Absence of Presence

A portrait conveys absence and presence, pleasure and pain. The reality excludes absence and pain.


Questioning existence, asking are we in service of fact or fiction, sure of nothing else but our Selves, until

the sweat is sweet and heavy, working the ground from which we were taken, woke dust shaken up, breaking

even, to cross the distance between two people is to greet head-on the face of our lost innocence, to


travel the meat of being and eat whole what we thought was love, pieces of the shattered World-Soul cutting

up our broken home’s reset bones, vapid slaves to shadow shards of our unchained Selves, a mirror’s trick is

its illusion of depth, pieces of religion which is lived myth, anticipation of an imminent apocalypse tampering with expectations


elevating above acceptable limits what makes us superior beings, consciousness, remembering this, when the Adam within was the Jewish

Narcissus, losing his divine nature by glimpsing himself in Eden’s pool until it burned with kisses of sulfur, turning

over in his head that self-awareness was death, cause and effect lying side-by-side is what begat us, insofar as


language itself is a living entity, the thoughts of god are communicated through mathematics, expressed in symbols equating images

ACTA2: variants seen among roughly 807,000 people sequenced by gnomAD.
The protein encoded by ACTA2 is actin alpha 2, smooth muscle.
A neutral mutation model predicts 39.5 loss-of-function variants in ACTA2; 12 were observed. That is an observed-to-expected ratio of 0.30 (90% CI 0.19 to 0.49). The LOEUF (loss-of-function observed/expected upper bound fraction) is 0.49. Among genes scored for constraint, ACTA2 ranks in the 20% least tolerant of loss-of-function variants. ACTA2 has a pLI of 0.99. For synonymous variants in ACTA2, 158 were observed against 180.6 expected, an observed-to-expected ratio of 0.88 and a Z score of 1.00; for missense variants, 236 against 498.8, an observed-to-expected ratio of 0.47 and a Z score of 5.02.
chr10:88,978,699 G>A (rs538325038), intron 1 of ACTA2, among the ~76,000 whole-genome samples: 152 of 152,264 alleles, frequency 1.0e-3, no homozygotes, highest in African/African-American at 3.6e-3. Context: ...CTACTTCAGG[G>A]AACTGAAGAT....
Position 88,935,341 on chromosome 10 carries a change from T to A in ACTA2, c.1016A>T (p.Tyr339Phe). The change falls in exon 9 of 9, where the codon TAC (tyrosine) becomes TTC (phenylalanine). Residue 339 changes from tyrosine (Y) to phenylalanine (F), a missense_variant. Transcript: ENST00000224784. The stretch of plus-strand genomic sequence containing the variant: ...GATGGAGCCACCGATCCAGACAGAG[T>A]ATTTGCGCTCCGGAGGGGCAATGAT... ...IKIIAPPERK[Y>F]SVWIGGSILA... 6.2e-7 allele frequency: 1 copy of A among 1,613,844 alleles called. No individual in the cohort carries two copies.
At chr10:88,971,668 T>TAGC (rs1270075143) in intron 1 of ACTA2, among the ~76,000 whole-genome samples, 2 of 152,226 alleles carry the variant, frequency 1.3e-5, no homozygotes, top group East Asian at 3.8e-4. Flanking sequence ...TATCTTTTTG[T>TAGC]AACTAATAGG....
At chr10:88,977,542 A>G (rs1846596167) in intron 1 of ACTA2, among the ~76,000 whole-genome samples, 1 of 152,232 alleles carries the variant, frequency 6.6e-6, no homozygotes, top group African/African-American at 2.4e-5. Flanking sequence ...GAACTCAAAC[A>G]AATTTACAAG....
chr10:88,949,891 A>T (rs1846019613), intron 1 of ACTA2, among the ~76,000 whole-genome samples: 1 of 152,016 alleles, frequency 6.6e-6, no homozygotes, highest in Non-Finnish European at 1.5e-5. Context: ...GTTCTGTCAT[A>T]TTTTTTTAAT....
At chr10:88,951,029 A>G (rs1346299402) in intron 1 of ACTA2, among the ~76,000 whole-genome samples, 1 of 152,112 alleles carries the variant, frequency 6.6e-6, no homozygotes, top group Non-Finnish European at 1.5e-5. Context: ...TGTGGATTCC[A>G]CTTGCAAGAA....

with secrets, never count on another deity’s promises of a better destiny to give your shallowness substance, of which

for so long all of us have been wanting, choking on the ropes you tug out like a thaumatrope,


taking from behind a unit of lost time, a past whose influence on your presence you cannot measure, stargazing

and strategizing about just how you might recover what multitudes we used to contain, what used to fill us

until that thorn in the flesh, knowledge, bled a garden amidst fires, scorching to desert this absence of presence.

1Blaise Pascal, “[Thought] 678” in “Section X: Typology” of “Thoughts” in Thoughts: Translated by W. F. Trotter: Letters: Translated by M. L. Booth: Minor Works: Translated by O. W. Wight: With Introductions and Notes: Volume 48 of The Harvard Classics: Edited by Charles W. Eliot, published at New York by P. F. Collier & Son Company in 1910; page 225.